In 1964, the very first Shinkansen made the Tokyo/Osaka run in four hours, at speeds up to 135 miles per hour. Sixty years later, the U.S. can still only run trains at that speed for short distances (the Shinkansen today is up to 200 mph). But more important than speed, this rail network has defined modern Japan, linking its cities and enabling their growth and economic vitality.

This kind of world leadership didn’t just happen. It came from decades of ‘acting with a single mind’ to prioritize rail development and innovation. Decades of consistent, coordinated government and private sector investment in passenger rail and infrastructure. And a gutsy decision in the 1950s to rip out existing rail lines and build all-new ones designed specifically for superfast intercity trains, with the belief that this investment would powerfully enable economic growth and development (it did).

So, Japan… please attack decarbonization like you did transportation!

Japan’s opportunity today is to bet big on decarbonization, just like it did on trains; to muster the conviction that going all in on these technologies will yield a big economic payoff for Japanese society.

Specifically, Japan should:

  • ‘Act with a single mind’ to drive a much faster rollout of domestic renewables (utility scale and rooftop solar, wind, and batteries) and coal plant shutdowns. A recent study by Lawrence Berkeley Lab says this is both possible and would save money.
  • Up the ante on existing government incentives, and create new ones, for Japanese and foreign investment in Japan Decarbonization Inc.
  • Stop investing in money-losing technologies to prolong the life of fossil fuels (ammonia, hydrogen, carbon capture, coal to gas conversions, hybrid powertrains etc). Put that money into decarbonization instead.
  • Push Japan’s big automakers to ramp up their investment in EVs and EV supply chains. This is the only way Japan can prevent China from displacing it as the world’s biggest auto exporter.
  • Convince talented young people to go work on decarbonization, and then get out of their way. We met a young engineer from Nissan working on V2X technologies on our trip. He said bottoms-up climate innovation is happening in Japan, but too often gets quashed by top execs in Japan’s conglomerates.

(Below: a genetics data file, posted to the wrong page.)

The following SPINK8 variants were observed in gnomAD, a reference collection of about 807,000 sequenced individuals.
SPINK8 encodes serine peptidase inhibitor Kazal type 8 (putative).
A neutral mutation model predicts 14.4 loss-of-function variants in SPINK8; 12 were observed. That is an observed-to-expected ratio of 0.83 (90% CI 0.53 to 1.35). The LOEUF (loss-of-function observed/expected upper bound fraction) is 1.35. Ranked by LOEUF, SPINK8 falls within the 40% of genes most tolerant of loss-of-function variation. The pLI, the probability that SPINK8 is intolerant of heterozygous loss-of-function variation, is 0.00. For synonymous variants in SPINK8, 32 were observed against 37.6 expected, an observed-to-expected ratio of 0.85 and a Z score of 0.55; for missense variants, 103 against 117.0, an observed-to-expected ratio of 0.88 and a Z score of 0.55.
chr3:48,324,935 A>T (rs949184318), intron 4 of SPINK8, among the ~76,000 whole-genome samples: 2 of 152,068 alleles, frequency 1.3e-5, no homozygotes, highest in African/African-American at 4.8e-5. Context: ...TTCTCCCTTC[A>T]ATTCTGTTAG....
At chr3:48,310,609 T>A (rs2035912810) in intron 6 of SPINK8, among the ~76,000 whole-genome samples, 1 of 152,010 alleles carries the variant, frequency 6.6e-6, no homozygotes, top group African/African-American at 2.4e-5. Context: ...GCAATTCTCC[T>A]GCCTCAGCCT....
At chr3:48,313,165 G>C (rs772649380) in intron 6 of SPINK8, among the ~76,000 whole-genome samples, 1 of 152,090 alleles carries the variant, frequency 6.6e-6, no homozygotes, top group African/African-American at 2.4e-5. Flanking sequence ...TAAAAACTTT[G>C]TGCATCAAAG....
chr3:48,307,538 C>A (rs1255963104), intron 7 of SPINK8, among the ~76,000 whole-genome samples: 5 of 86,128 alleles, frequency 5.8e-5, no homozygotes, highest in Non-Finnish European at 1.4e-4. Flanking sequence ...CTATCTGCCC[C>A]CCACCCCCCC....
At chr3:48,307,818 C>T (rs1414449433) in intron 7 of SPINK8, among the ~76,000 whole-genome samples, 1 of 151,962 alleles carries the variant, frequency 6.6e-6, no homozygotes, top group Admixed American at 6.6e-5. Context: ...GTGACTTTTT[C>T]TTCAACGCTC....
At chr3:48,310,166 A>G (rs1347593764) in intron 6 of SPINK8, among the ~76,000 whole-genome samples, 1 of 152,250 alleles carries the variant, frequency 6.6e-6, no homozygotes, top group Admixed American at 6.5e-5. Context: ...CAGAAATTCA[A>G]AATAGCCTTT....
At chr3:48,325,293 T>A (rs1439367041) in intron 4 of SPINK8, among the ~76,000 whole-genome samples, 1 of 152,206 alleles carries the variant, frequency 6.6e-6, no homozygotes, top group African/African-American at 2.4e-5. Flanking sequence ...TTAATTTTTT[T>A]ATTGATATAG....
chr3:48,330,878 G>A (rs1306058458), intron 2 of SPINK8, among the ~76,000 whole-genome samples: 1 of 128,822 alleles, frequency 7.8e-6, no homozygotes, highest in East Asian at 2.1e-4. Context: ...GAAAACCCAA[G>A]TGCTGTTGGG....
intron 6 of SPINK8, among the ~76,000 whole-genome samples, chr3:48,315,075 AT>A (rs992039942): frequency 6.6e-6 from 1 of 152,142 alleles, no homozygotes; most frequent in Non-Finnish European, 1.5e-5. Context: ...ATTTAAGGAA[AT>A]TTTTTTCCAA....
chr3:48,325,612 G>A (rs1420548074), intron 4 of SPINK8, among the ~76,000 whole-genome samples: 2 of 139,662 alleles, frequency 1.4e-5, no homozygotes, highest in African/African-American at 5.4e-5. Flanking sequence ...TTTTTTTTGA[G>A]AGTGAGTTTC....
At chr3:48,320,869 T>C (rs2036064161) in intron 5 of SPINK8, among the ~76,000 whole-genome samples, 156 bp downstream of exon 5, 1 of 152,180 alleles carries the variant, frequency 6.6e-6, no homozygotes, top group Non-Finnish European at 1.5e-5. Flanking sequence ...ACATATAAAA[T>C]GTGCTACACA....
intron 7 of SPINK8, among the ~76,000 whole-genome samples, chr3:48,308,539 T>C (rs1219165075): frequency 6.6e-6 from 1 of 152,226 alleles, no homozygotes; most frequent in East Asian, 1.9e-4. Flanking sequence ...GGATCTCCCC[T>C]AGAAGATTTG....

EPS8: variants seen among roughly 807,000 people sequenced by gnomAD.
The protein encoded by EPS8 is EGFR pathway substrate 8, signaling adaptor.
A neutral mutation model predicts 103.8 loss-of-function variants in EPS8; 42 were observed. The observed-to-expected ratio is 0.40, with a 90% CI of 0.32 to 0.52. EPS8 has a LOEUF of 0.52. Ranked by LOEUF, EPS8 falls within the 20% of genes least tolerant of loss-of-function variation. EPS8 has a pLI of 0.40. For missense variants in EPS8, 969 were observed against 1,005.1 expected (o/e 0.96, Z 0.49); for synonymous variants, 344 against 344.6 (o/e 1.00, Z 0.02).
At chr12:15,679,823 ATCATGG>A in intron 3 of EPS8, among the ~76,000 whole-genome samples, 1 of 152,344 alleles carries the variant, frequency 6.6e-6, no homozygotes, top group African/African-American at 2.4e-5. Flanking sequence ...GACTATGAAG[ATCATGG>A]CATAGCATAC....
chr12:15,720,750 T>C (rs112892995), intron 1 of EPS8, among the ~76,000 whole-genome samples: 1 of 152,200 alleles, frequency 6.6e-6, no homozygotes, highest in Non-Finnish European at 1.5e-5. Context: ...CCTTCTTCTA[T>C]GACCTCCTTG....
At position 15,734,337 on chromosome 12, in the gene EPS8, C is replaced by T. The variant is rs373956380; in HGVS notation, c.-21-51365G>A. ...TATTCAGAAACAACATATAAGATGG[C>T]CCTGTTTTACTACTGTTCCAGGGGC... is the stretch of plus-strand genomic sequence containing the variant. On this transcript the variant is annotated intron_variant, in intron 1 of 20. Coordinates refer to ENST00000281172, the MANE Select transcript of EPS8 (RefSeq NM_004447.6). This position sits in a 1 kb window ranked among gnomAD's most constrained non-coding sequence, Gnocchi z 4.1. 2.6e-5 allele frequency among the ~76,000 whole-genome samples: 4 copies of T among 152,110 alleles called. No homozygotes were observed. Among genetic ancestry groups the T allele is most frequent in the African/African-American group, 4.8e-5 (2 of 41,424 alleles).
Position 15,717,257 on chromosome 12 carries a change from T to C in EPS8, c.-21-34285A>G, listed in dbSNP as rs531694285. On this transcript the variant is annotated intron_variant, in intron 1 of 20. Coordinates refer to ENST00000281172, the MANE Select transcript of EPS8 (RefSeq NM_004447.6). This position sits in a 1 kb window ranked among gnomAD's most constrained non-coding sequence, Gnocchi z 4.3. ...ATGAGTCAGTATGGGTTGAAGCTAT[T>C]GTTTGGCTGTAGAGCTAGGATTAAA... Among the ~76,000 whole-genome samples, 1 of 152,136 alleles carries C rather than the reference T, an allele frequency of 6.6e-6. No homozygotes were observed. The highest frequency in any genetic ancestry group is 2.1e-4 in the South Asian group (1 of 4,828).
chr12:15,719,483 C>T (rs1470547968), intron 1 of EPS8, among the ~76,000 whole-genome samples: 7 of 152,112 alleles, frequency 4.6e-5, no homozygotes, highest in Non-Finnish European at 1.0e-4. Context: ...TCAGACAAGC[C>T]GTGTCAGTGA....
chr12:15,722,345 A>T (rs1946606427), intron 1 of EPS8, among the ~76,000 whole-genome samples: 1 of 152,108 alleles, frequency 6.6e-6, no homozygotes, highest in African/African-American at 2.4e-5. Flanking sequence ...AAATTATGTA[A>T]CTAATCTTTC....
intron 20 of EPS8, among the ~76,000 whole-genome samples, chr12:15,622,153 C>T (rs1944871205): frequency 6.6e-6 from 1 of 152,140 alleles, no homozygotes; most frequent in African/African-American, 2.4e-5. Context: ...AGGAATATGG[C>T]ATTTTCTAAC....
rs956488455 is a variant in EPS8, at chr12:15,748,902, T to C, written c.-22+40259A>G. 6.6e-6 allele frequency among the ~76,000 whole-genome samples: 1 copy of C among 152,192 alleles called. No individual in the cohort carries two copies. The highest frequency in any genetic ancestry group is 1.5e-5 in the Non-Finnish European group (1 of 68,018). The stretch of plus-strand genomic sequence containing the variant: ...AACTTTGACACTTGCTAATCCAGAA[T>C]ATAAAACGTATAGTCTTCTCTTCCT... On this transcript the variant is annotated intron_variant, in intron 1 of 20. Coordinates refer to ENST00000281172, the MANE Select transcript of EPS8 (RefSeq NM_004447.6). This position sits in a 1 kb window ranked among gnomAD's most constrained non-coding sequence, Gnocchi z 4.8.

• Make the political case that decarbonizing faster will make Japan more energy-secure.
  • Make the political case that being a leader in decarbonization will make Japan more globally competitive, able to surpass Korea and Germany and keep up with the U.S. and China.

That’s the optimistic recipe… Japan has done it before, and can do it again!

To learn more about Japan and climate:

Here’s a great weekly newsletter I found on LinkedIn, which summarizes the best media articles on Japan and climate each week. Hiroyasu “ichi” Ichikawa, who curates the newsletter, does a great job staying on top of everything you need to know!

P.S. A few more trip photos:

A hopeful sign you see everywhere in Japan: rooftop and small-scale community solar projects are a common sight in the countryside and from the train.

Heat pumps are everywhere in Japan; they’re proud of them. See my post “The Japanese Art of Heat Pumps” for more heat pump condenser pics.

Japan’s big cities prioritize transit, walking and biking (e.g. with convenient bike parking lots). The Japanese own fewer cars per capita than Americans, and crucially drive those cars only a third as much as Americans.

The Japanese are into recycling: bottle and can recycling bins are everywhere. And there’s more creative approaches too, like making chopsticks from broken baseball bats (we bought some)!

A subway ad touting Japan’s technological prowess.

Trains built modern Japan, and Japan is proud of them.

Japan’s Shinkansen trains aren’t just crazy fast, they also come every few minutes.

Video ads for heat pumps play constantly on the Tokyo subway.